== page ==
To an author, there are few crimes more heinous than plagiarism. Every author knows the agony of the untold story, the grueling birth of a novel, the joy of finally bringing that creation into the world and holding it up for all to see.
Having that joy stolen from you is an unspeakable cruelty.
That’s why Rachel Ann Nunes’ plight has struck a chord with so many authors. Rachel’s novel, A Bid for Love, was stolen, mutilated, and repackaged as a sloppy knock-off titled The Auction Deal.
Rachel’s work has already hit #1 on the Amazon bestseller lists for Christian fiction, but the plagiarist believed she could improve it by injecting explicit sex scenes into the work. She then offered the book for sale under her pen name, Sam Taylor Mullens, and pretended that it was her own, original creation.
The plagiarist tried to take credit for Rachel’s inventiveness, hard work, and perseverance. It was a cowardly act, but it paled in comparison to what followed.
An impersonal crime becomes personal
It’s said that character is what you do when nobody is looking. Mullens felt invisible and untouchable behind her pseudonym, and her true character was quickly revealed.
First, she attempted to deflect criticism by offering a bewildering series of lies: that she had permission to use the work; that the work had been given to her by a mysterious, nameless man who later died in a car crash; that she was the niece of the CEO of Rachel’s publisher; and that she had collaborated with Rachel to write the book.
When those flimsy lies failed to stand up to scrutiny, she turned to a campaign of harassment and vicious libel against Rachel.
One woman, dozens of identities
Mullens had been inflating her ratings and reviews with an army of fake accounts — at present count, more than 20 of them — on Goodreads, Amazon, Facebook, and various blogs. When the plagiarism scandal was exposed, she used those sockpuppets to leave 1-star reviews on Rachel’s books. She disparaged Rachel personally with false allegations of fraud and with jaw-dropping audacity, accused Rachel of being the bully. And Mullens used her accounts to harass various bloggers sympathetic to Rachel, hoping to intimidate them into silence. She failed miserably.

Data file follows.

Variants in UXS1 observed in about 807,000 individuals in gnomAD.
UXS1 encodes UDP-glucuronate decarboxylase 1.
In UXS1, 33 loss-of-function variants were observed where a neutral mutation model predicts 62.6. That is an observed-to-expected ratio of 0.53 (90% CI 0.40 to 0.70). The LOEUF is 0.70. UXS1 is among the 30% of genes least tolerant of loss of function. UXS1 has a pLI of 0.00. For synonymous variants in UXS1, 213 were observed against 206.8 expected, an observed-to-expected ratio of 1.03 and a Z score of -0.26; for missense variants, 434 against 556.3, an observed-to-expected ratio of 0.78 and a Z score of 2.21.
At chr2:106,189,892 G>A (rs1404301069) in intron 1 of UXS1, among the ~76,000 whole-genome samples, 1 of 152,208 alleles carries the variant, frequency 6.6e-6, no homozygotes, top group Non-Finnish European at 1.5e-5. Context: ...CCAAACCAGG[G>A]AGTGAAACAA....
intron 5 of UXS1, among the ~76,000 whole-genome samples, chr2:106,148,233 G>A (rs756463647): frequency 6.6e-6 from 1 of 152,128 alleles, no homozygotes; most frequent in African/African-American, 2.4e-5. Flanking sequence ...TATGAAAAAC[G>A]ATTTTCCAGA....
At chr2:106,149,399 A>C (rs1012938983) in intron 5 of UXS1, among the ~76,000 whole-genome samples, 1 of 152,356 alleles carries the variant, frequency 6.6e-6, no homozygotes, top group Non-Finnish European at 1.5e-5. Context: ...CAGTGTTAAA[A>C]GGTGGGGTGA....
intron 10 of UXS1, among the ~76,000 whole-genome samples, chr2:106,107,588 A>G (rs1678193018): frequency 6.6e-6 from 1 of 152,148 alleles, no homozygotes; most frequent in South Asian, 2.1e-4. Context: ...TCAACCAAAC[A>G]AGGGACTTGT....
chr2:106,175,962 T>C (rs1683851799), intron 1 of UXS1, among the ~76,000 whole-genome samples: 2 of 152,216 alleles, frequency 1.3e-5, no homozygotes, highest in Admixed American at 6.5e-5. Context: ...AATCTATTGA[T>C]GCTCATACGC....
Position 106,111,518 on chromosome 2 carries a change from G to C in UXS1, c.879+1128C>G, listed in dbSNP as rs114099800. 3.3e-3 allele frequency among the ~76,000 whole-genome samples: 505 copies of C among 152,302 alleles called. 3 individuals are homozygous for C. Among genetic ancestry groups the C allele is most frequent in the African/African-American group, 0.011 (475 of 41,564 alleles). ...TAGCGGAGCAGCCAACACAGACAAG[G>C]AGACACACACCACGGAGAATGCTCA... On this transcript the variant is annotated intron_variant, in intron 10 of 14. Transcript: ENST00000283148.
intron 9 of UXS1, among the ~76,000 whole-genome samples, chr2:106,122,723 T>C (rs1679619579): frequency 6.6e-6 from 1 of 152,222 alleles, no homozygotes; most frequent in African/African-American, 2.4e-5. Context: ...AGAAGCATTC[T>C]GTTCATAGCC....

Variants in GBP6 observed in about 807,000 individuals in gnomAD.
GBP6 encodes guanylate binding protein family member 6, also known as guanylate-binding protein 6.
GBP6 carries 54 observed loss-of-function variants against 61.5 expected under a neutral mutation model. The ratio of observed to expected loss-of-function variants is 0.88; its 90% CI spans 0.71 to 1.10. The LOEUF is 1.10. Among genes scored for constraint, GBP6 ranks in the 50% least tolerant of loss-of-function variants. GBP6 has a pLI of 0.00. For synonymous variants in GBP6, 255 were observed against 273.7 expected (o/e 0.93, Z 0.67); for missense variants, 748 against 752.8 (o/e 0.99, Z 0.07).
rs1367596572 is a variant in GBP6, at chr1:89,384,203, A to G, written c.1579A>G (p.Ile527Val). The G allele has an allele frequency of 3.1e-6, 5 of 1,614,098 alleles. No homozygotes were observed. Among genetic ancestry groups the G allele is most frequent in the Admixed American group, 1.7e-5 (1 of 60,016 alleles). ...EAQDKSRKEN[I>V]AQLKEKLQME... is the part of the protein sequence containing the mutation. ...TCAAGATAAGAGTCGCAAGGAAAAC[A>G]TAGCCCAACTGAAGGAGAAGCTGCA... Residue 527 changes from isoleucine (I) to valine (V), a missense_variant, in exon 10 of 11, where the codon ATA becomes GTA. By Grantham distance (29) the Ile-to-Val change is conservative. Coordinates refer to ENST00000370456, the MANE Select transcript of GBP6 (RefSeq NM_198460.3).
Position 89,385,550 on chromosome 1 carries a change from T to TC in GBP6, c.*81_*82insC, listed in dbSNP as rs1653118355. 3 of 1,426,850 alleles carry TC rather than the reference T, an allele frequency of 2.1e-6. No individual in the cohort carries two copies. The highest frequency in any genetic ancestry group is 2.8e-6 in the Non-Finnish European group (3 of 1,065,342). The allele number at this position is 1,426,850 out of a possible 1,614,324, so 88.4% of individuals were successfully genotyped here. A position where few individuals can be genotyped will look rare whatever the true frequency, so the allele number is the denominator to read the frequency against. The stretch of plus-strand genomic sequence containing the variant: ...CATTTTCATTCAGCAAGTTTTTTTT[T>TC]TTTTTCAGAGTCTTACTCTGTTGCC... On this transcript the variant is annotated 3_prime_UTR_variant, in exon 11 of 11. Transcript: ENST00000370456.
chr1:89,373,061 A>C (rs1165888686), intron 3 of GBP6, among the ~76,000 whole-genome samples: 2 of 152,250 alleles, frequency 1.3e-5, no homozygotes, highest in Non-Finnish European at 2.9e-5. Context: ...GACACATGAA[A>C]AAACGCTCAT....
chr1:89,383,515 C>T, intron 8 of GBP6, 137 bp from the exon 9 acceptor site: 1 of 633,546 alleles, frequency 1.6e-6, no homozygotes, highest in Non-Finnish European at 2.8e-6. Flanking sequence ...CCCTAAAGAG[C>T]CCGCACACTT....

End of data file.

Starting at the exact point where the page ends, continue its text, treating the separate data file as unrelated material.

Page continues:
Mullens proudly portrays herself as an indie author… but indie authors are a supportive community. They don’t prey on their fellow authors. They don’t cannibalize their family.
They don’t steal each other’s work.
Today, I’m happy to report that the plagiarist is being held accountable for her actions in a spectacular way. She has been identified as Tiffanie Rushton, a Utah schoolteacher. Rushton has been served with a summons to appear in Federal court on complaints of copyright infringement, defamation, false light, injurious falsehood, harassment, false advertising, and deceptive trade practices. If the suit is successful, she faces statutory damages of $150,000.00, plus damages for each sale of the infringing work, damages to compensate for the other allegations in the complaint, and attorney’s fees.
The compensatory damages could be tripled due to the nature of the offenses.